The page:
JALA: Handling and Mishandling African-Language Texts

The Journal of African Literature Association invites essays for a special issue on literature and film in African languages. Building on the premise that the African continent and its islands and diasporas have been multilingual since antiquity and have produced remarkable literatures and films in African languages, this special issue seeks to explore the ways African linguistic diversity has been deployed in cultural production for aesthetic cultivation, cultural perception/projection, public engagement, and other ends. We are also interested in the ethics of studying African-language texts from privileged positions in the academy, especially where the views and political position of the researcher conflict with those of members of the linguistic community on sensitive practices and identities. The question of language has been central to African literatures at least since the debate at the Makerere Conference in 1962. We are particularly interested in responses to the controversies that have erupted around African-language texts and translations from and into African languages since the 21st century.

Submissions are invited on readings of African-language texts and on topics that include but are not limited to answering the following questions:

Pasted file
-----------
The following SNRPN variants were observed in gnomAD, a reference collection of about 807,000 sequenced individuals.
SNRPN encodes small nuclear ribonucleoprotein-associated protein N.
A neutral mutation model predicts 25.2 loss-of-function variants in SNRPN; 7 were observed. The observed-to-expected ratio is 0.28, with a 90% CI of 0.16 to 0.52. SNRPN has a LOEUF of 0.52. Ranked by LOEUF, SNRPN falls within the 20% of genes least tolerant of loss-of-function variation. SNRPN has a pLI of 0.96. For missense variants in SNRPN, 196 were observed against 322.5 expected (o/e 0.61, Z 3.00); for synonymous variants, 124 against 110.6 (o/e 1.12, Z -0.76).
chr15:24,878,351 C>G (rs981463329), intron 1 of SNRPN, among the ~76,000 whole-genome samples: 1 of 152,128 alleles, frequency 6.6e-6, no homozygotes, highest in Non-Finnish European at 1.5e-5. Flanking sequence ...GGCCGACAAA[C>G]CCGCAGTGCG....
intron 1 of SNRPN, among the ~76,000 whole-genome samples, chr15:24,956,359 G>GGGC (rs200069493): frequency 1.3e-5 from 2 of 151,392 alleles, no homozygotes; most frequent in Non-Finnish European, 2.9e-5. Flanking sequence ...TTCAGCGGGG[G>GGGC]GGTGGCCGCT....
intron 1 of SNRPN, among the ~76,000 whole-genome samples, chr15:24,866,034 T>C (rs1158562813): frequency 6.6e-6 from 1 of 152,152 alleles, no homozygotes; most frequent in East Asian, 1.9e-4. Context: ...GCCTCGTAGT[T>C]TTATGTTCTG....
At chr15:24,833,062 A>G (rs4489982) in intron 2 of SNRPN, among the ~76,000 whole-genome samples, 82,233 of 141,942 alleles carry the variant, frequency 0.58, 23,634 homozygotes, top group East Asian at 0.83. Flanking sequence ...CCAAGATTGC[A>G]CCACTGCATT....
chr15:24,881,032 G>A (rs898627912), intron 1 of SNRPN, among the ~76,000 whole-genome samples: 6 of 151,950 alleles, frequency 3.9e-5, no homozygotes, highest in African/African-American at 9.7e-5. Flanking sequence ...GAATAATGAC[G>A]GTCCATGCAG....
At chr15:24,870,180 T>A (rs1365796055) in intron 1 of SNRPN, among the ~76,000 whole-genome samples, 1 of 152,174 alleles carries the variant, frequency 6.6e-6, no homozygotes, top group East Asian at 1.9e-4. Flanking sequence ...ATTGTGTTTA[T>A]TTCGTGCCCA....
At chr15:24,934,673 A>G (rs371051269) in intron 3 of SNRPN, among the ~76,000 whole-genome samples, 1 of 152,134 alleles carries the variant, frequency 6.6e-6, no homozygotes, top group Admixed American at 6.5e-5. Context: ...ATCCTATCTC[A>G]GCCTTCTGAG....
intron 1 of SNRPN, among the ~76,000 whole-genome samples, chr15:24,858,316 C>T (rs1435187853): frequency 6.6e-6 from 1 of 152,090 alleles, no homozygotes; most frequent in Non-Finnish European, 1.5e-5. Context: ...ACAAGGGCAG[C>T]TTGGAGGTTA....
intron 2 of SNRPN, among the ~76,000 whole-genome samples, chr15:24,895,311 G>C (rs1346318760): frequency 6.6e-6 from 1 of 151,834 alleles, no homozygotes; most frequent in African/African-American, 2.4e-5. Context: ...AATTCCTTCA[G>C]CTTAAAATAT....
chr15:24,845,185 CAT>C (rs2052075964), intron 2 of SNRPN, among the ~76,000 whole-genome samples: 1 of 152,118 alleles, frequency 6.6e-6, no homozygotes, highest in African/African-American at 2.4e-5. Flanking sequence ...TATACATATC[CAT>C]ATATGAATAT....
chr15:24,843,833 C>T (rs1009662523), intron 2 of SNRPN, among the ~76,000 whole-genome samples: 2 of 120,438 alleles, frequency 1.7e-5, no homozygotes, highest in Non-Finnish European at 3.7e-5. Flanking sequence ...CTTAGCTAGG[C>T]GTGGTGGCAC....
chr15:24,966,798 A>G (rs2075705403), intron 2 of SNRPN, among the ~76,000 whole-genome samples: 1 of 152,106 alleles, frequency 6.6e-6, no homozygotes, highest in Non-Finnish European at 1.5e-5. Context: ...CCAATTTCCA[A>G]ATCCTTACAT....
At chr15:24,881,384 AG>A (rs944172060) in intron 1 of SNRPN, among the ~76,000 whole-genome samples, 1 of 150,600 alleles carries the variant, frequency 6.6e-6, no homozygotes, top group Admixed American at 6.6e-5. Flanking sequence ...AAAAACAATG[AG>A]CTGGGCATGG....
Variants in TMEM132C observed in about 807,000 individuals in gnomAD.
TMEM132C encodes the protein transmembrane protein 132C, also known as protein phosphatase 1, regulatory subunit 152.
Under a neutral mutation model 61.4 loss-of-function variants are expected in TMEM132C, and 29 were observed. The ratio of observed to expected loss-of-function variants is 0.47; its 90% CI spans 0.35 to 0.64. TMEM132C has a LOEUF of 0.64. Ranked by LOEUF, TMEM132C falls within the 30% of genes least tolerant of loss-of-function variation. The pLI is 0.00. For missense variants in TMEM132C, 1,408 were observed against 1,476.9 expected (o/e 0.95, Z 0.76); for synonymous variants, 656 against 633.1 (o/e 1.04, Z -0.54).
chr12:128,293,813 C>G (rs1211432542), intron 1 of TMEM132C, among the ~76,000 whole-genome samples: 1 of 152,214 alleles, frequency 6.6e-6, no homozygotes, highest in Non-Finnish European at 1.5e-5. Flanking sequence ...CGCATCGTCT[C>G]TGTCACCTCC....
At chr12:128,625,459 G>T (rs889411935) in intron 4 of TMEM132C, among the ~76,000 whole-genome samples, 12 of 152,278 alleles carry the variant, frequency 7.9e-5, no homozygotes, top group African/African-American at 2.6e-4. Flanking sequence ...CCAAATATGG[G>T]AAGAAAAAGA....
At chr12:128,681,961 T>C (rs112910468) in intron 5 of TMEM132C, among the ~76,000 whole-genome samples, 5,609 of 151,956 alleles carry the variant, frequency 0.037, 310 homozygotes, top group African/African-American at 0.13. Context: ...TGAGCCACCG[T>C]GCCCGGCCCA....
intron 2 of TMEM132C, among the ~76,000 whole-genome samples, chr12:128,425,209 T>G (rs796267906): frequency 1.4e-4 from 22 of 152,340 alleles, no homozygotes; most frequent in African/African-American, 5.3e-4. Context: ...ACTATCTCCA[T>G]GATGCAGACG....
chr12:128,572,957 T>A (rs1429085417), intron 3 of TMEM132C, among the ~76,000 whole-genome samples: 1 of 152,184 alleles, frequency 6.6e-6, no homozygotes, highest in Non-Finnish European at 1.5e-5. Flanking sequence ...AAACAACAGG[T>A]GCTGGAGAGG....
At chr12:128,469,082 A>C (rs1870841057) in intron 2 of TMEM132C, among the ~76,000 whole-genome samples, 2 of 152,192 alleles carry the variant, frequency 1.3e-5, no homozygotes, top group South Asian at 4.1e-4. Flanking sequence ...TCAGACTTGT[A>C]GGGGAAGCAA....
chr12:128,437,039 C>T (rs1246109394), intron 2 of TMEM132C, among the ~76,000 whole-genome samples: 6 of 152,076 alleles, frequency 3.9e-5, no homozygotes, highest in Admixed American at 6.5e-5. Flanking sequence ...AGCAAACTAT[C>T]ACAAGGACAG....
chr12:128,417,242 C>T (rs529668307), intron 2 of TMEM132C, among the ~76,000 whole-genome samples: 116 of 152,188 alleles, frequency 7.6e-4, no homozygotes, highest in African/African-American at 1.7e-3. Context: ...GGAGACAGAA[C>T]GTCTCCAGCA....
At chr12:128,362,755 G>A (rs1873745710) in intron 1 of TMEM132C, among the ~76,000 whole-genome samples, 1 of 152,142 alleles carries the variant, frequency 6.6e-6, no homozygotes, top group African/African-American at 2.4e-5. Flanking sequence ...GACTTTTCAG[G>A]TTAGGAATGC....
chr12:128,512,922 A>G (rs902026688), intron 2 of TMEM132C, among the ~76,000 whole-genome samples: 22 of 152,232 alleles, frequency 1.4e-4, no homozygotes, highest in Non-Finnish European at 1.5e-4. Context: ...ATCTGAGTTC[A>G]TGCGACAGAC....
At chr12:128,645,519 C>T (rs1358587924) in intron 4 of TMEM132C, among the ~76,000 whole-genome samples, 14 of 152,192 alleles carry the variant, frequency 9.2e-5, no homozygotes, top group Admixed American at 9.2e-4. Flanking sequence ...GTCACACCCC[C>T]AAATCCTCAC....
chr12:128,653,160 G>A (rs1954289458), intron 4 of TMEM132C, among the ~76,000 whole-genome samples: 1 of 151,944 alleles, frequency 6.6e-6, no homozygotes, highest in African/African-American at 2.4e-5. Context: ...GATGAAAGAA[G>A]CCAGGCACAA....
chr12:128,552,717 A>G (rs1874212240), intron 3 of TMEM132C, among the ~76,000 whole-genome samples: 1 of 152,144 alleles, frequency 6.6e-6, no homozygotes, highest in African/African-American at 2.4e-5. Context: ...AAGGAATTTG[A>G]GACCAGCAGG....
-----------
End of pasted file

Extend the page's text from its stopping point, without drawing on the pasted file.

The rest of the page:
1. Given the controversies that have sometimes erupted over the translation of certain African-language texts into European languages, what ethical and ideological principles should guide translation and analysis of an African-language text into another language (e.g., English)? What have been the consequences of choices made thus far, in for example emphasizing otherness and difference? To what extent have otherness and difference been collapsed under homogenizing and flattening translation choices in a number of well known translations? What opportunities/challenges might the process of translation from African languages present for interpretation of those texts?
  2. What challenges does the process of translating and analyzing religious pose? For example, what precautions should or should not be taken in translating sacred texts, such as, the Ifá sacred and literary corpus, which highly educated priests of Yoruba traditional religion have argued that only priests of Ifá should be entitled to translate and analyze?
  3. What principles should ideally inform translation of and responses to an African text in a language one does not speak? On what grounds would one set of principles be preferred to a different principles and practices? In what circumstances would a critical engagement with texts in an African language that one does not speak be permissible or not permissible for scholars in universities?
  4. How can we use theories of African languages by African thinkers (e.g., Boubacar Boris Diop, Souleymane Bachir Diagne, Penina Muhando, Kwesi Wiredu, Gerda Mansour, Neville Alexander, Olúfẹ́mi Táíwò, Ngũgĩ wa Thiong’o etc.) to diversify our engagements with African and world literatures?